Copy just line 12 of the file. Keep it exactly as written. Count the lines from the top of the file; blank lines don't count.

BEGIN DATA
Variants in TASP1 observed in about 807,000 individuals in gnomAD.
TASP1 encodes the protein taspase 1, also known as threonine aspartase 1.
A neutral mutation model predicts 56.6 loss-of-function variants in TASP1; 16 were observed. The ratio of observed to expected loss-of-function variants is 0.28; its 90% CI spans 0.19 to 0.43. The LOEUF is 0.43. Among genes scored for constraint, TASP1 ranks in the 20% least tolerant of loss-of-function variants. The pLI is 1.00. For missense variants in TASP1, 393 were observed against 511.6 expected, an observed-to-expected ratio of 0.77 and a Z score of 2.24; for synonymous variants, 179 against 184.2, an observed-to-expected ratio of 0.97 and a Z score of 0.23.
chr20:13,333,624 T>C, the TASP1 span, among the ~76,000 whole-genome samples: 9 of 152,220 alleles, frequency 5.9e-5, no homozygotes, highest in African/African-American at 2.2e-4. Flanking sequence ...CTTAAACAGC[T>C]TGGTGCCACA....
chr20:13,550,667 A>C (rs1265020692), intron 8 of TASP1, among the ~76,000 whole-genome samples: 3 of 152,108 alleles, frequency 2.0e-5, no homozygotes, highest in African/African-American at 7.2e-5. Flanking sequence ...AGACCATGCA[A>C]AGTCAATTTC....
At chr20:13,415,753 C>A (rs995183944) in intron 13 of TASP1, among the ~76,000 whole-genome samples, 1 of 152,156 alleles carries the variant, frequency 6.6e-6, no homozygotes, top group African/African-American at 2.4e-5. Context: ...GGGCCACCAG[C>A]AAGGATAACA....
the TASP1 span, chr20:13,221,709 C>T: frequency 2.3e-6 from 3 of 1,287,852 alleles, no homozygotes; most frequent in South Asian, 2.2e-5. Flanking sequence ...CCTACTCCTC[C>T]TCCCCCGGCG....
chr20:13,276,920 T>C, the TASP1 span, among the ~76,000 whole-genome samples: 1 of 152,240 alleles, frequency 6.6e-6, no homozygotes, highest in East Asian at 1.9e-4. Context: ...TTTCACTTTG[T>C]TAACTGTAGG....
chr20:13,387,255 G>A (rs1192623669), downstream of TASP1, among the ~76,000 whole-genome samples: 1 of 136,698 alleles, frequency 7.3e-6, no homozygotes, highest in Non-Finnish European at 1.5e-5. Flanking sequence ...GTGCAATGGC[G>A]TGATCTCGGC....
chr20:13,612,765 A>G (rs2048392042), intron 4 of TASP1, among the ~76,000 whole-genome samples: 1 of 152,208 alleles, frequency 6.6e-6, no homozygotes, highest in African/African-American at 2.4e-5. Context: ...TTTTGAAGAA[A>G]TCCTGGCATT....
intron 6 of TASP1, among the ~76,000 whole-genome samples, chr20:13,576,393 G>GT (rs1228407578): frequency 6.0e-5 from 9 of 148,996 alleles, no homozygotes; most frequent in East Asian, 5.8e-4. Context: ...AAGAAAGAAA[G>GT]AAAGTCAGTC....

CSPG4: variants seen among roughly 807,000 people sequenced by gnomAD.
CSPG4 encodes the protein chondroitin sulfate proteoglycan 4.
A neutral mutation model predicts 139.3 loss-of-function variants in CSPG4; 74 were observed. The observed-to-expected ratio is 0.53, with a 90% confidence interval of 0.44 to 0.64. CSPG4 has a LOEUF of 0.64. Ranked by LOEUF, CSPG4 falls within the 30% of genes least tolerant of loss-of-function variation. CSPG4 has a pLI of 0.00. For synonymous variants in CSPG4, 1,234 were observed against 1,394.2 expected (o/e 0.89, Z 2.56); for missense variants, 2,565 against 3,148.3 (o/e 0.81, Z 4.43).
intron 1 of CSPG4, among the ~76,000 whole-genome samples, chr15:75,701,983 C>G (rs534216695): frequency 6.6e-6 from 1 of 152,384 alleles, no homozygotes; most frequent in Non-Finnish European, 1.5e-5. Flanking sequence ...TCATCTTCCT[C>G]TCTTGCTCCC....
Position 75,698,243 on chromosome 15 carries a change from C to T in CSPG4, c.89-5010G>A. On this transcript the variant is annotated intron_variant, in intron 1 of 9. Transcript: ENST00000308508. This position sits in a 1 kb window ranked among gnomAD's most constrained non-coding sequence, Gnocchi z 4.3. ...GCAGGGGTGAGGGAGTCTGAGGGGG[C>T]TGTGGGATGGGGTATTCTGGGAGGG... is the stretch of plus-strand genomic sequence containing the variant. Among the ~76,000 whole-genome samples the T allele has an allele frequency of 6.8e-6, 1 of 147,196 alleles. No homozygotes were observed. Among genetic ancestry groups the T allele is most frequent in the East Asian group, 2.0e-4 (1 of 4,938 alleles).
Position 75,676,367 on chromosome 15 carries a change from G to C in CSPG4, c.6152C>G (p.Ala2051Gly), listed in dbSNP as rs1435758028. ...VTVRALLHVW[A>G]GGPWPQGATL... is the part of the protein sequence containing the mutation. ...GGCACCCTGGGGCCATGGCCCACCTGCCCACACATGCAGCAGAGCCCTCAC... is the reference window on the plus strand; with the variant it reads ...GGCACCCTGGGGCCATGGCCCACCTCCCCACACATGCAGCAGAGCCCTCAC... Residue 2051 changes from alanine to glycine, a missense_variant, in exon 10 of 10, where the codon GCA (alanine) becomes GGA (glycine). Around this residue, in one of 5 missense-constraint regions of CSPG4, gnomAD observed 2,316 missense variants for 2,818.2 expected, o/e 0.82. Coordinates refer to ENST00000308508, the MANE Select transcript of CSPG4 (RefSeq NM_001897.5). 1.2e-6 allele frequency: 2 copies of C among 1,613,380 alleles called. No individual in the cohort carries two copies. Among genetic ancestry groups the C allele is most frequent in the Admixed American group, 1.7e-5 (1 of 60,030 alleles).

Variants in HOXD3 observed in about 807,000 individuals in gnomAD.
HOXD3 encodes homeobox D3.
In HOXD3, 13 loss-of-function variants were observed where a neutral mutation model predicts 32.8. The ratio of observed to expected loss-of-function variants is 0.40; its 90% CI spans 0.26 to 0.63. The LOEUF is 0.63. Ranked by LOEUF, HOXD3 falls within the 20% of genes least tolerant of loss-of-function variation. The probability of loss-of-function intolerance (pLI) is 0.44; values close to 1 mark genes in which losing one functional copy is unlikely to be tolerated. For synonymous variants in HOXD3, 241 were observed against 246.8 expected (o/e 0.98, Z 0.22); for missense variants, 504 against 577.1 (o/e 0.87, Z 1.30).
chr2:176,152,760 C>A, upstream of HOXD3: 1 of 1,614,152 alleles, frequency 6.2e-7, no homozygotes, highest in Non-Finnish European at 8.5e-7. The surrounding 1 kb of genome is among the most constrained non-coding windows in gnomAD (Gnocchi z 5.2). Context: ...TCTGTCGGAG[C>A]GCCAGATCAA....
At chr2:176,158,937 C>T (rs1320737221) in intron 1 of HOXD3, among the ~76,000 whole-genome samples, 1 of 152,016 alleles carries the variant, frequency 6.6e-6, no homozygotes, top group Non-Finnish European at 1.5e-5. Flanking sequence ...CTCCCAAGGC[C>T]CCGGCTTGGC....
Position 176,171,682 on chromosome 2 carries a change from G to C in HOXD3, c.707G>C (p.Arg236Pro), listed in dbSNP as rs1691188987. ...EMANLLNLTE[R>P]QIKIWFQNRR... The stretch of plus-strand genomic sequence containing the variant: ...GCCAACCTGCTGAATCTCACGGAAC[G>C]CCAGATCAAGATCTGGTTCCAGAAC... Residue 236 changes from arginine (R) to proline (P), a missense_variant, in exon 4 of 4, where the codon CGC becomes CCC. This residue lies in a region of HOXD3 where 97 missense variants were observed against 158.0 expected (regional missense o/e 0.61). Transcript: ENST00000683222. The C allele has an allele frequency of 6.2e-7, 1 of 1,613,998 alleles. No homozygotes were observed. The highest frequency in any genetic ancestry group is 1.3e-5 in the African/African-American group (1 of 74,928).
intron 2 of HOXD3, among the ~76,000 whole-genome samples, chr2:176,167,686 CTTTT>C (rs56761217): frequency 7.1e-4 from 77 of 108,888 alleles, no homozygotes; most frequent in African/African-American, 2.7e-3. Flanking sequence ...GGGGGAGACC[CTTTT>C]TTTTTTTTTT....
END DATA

CSPG4: variants seen among roughly 807,000 people sequenced by gnomAD.